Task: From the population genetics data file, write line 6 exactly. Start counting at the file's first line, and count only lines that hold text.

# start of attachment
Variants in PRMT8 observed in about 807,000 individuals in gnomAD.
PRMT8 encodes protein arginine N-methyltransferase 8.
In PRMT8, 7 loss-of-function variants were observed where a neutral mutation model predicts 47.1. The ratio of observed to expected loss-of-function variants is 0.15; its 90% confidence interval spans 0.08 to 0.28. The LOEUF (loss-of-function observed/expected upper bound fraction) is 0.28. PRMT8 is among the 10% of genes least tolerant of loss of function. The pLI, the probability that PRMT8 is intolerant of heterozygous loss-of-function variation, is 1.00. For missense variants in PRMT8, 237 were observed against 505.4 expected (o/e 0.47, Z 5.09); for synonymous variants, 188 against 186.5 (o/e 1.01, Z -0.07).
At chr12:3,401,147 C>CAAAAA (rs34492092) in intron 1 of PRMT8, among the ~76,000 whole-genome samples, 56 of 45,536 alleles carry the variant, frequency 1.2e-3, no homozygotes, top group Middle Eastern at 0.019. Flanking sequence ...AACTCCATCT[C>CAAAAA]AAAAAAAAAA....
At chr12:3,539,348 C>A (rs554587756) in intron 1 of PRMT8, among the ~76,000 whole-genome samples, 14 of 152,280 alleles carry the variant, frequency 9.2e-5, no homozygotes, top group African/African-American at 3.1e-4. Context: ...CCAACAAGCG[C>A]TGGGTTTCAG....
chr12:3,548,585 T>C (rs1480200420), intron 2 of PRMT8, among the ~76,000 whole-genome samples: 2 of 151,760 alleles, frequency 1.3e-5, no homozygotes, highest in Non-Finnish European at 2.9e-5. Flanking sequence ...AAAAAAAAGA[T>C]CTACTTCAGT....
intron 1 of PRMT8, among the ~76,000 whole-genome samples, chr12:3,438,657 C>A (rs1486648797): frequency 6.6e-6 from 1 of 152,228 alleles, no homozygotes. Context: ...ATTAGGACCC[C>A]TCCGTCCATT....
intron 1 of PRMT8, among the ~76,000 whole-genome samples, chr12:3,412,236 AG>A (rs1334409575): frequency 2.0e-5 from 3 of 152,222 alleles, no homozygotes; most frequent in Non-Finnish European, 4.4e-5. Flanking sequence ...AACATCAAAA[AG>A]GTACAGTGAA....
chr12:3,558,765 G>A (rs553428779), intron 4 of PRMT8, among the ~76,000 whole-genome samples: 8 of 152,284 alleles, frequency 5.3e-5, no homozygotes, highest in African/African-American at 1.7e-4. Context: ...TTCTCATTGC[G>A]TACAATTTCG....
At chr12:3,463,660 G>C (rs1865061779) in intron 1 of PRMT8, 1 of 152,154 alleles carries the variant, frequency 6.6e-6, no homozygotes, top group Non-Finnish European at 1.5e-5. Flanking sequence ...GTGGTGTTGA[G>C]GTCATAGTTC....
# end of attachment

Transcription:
chr12:3,548,585 T>C (rs1480200420), intron 2 of PRMT8, among the ~76,000 whole-genome samples: 2 of 151,760 alleles, frequency 1.3e-5, no homozygotes, highest in Non-Finnish European at 2.9e-5. Flanking sequence ...AAAAAAAAGA[T>C]CTACTTCAGT....